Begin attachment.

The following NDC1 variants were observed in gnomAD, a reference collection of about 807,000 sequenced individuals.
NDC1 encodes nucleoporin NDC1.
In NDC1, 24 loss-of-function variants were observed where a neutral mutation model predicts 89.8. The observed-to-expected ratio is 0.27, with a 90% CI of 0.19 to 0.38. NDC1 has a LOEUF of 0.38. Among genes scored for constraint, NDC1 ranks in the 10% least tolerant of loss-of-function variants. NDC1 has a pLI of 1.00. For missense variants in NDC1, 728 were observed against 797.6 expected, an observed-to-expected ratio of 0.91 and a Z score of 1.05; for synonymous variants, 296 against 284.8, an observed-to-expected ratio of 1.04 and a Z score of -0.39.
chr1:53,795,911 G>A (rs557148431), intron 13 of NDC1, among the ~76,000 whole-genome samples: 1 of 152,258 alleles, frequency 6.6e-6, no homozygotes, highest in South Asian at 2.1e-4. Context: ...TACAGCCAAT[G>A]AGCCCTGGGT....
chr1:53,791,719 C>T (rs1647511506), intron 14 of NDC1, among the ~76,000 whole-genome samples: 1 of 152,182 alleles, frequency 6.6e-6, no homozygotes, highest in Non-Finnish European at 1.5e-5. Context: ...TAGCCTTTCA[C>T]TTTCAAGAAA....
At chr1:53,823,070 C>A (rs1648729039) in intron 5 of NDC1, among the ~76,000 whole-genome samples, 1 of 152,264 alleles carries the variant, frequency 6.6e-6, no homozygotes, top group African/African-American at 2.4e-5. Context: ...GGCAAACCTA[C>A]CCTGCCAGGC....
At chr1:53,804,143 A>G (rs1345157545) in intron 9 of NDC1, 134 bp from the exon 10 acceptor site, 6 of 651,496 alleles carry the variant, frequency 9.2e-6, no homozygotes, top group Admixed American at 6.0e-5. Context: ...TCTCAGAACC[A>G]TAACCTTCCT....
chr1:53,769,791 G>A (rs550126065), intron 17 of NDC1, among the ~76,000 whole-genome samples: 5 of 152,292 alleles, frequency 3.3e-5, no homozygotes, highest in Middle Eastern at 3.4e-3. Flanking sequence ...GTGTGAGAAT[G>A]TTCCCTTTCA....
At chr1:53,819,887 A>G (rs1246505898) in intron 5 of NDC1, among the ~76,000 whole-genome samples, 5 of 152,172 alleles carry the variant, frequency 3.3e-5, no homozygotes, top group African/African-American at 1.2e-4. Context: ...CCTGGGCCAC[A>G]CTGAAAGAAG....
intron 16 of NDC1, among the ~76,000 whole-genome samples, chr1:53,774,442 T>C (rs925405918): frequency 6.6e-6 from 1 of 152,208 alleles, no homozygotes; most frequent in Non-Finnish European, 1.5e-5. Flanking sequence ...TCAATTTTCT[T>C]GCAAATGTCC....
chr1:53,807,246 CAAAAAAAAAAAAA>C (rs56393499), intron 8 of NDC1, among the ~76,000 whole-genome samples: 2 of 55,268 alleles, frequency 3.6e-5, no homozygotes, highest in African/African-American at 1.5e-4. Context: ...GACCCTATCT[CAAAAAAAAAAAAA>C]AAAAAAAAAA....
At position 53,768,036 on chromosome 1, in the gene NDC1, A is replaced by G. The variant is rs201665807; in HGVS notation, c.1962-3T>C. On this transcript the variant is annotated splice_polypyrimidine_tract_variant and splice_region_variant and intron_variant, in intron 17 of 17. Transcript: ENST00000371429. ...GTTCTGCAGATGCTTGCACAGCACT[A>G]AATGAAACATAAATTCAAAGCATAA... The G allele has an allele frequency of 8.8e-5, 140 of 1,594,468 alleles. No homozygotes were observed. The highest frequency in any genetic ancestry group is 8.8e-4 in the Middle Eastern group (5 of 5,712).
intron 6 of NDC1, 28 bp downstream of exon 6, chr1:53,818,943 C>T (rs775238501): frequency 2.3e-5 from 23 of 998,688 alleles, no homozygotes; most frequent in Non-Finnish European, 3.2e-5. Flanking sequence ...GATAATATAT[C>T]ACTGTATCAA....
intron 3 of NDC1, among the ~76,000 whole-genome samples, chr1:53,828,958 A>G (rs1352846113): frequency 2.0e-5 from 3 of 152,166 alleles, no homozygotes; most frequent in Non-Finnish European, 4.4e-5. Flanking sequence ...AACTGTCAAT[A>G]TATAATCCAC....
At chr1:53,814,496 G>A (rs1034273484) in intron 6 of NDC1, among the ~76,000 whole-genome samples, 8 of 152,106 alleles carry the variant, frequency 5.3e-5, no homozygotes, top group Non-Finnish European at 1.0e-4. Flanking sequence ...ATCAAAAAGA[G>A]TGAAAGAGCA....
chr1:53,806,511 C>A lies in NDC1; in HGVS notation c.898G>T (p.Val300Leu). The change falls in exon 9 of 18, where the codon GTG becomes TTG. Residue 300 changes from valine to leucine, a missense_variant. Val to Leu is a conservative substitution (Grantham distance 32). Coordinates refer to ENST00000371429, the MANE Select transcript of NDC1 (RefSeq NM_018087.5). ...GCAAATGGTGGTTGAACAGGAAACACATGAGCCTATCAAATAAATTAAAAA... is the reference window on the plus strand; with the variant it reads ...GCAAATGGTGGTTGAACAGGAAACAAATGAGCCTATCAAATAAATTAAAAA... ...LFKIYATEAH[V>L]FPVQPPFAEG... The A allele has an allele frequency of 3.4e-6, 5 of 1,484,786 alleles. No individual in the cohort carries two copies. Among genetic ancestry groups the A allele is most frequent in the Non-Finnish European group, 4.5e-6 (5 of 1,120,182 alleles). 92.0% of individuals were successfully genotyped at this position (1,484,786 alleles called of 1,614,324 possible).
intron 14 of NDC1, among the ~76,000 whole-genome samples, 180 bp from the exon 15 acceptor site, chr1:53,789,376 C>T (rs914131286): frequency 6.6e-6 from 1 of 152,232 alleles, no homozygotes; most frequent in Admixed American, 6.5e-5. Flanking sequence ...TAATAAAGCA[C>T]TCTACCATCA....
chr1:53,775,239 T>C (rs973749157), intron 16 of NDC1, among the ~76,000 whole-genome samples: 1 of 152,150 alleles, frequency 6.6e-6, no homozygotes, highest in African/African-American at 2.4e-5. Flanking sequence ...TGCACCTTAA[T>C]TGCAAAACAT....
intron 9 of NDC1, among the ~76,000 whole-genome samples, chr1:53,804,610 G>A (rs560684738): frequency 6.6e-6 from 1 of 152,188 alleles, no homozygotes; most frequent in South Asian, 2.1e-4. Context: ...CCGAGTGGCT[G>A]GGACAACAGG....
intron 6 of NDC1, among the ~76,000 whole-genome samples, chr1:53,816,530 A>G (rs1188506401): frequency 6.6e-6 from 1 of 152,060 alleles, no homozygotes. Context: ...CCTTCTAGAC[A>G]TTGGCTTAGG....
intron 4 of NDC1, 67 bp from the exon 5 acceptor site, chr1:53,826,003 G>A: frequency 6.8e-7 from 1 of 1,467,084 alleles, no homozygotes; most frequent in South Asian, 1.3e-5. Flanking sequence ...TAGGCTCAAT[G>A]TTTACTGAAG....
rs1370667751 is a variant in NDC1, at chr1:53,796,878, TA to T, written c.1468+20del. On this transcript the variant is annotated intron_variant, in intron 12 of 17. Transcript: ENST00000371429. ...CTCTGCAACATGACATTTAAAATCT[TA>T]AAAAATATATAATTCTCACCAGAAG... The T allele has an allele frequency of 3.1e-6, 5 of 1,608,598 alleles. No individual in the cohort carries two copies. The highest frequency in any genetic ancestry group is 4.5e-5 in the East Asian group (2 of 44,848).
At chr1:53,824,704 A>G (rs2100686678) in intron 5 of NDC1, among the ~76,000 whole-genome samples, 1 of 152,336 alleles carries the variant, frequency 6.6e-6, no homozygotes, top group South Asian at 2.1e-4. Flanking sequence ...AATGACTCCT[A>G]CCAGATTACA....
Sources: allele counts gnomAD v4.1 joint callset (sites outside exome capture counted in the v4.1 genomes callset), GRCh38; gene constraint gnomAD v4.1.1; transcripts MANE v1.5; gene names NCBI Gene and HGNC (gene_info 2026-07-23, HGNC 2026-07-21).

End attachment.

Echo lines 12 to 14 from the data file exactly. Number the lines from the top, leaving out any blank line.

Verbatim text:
At position 53,768,036 on chromosome 1, in the gene NDC1, A is replaced by G. The variant is rs201665807; in HGVS notation, c.1962-3T>C. On this transcript the variant is annotated splice_polypyrimidine_tract_variant and splice_region_variant and intron_variant, in intron 17 of 17. Transcript: ENST00000371429. ...GTTCTGCAGATGCTTGCACAGCACT[A>G]AATGAAACATAAATTCAAAGCATAA... The G allele has an allele frequency of 8.8e-5, 140 of 1,594,468 alleles. No homozygotes were observed. The highest frequency in any genetic ancestry group is 8.8e-4 in the Middle Eastern group (5 of 5,712).
intron 6 of NDC1, 28 bp downstream of exon 6, chr1:53,818,943 C>T (rs775238501): frequency 2.3e-5 from 23 of 998,688 alleles, no homozygotes; most frequent in Non-Finnish European, 3.2e-5. Flanking sequence ...GATAATATAT[C>T]ACTGTATCAA....
intron 3 of NDC1, among the ~76,000 whole-genome samples, chr1:53,828,958 A>G (rs1352846113): frequency 2.0e-5 from 3 of 152,166 alleles, no homozygotes; most frequent in Non-Finnish European, 4.4e-5. Flanking sequence ...AACTGTCAAT[A>G]TATAATCCAC....